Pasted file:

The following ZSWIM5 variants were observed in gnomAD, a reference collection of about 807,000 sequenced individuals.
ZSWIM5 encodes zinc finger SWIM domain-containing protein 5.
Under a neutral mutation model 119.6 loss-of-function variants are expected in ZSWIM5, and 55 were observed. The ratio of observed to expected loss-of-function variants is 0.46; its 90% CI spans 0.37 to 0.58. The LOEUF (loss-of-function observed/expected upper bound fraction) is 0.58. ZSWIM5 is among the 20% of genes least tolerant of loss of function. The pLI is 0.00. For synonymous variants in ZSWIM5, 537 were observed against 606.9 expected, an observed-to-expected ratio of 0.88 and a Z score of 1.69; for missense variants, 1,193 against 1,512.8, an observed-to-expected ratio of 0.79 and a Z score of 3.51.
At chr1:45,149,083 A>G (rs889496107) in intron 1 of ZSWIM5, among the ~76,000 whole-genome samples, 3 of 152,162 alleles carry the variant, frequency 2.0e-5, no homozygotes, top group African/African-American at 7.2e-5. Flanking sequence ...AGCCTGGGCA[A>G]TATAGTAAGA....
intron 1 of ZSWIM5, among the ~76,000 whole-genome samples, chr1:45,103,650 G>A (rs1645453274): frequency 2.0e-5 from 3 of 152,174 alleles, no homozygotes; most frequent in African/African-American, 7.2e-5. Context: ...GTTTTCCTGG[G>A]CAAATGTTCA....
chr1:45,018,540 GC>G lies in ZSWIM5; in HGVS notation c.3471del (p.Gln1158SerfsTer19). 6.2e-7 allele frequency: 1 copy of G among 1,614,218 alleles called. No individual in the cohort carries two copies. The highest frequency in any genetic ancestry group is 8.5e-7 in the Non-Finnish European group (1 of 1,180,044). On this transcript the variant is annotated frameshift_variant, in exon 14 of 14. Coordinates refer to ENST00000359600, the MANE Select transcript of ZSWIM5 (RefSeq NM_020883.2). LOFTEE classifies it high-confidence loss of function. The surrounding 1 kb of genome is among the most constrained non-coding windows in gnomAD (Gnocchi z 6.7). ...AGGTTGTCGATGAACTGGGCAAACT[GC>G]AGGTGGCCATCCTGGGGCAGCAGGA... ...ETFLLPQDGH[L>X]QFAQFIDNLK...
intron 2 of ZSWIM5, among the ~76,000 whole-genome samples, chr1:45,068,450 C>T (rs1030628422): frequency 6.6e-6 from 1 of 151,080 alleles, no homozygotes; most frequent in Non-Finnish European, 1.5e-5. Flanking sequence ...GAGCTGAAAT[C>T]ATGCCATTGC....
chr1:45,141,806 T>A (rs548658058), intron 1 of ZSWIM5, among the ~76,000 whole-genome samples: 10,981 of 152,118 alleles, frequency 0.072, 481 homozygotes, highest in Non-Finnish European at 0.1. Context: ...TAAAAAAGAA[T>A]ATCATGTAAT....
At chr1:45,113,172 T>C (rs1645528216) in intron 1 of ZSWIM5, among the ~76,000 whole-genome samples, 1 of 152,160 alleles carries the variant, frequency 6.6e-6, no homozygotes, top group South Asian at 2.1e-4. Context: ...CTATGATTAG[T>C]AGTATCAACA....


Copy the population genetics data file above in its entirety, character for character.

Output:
The following ZSWIM5 variants were observed in gnomAD, a reference collection of about 807,000 sequenced individuals.
ZSWIM5 encodes zinc finger SWIM domain-containing protein 5.
Under a neutral mutation model 119.6 loss-of-function variants are expected in ZSWIM5, and 55 were observed. The ratio of observed to expected loss-of-function variants is 0.46; its 90% CI spans 0.37 to 0.58. The LOEUF (loss-of-function observed/expected upper bound fraction) is 0.58. ZSWIM5 is among the 20% of genes least tolerant of loss of function. The pLI is 0.00. For synonymous variants in ZSWIM5, 537 were observed against 606.9 expected, an observed-to-expected ratio of 0.88 and a Z score of 1.69; for missense variants, 1,193 against 1,512.8, an observed-to-expected ratio of 0.79 and a Z score of 3.51.
At chr1:45,149,083 A>G (rs889496107) in intron 1 of ZSWIM5, among the ~76,000 whole-genome samples, 3 of 152,162 alleles carry the variant, frequency 2.0e-5, no homozygotes, top group African/African-American at 7.2e-5. Flanking sequence ...AGCCTGGGCA[A>G]TATAGTAAGA....
intron 1 of ZSWIM5, among the ~76,000 whole-genome samples, chr1:45,103,650 G>A (rs1645453274): frequency 2.0e-5 from 3 of 152,174 alleles, no homozygotes; most frequent in African/African-American, 7.2e-5. Context: ...GTTTTCCTGG[G>A]CAAATGTTCA....
chr1:45,018,540 GC>G lies in ZSWIM5; in HGVS notation c.3471del (p.Gln1158SerfsTer19). 6.2e-7 allele frequency: 1 copy of G among 1,614,218 alleles called. No individual in the cohort carries two copies. The highest frequency in any genetic ancestry group is 8.5e-7 in the Non-Finnish European group (1 of 1,180,044). On this transcript the variant is annotated frameshift_variant, in exon 14 of 14. Coordinates refer to ENST00000359600, the MANE Select transcript of ZSWIM5 (RefSeq NM_020883.2). LOFTEE classifies it high-confidence loss of function. The surrounding 1 kb of genome is among the most constrained non-coding windows in gnomAD (Gnocchi z 6.7). ...AGGTTGTCGATGAACTGGGCAAACT[GC>G]AGGTGGCCATCCTGGGGCAGCAGGA... ...ETFLLPQDGH[L>X]QFAQFIDNLK...
intron 2 of ZSWIM5, among the ~76,000 whole-genome samples, chr1:45,068,450 C>T (rs1030628422): frequency 6.6e-6 from 1 of 151,080 alleles, no homozygotes; most frequent in Non-Finnish European, 1.5e-5. Flanking sequence ...GAGCTGAAAT[C>T]ATGCCATTGC....
chr1:45,141,806 T>A (rs548658058), intron 1 of ZSWIM5, among the ~76,000 whole-genome samples: 10,981 of 152,118 alleles, frequency 0.072, 481 homozygotes, highest in Non-Finnish European at 0.1. Context: ...TAAAAAAGAA[T>A]ATCATGTAAT....
At chr1:45,113,172 T>C (rs1645528216) in intron 1 of ZSWIM5, among the ~76,000 whole-genome samples, 1 of 152,160 alleles carries the variant, frequency 6.6e-6, no homozygotes, top group South Asian at 2.1e-4. Context: ...CTATGATTAG[T>C]AGTATCAACA....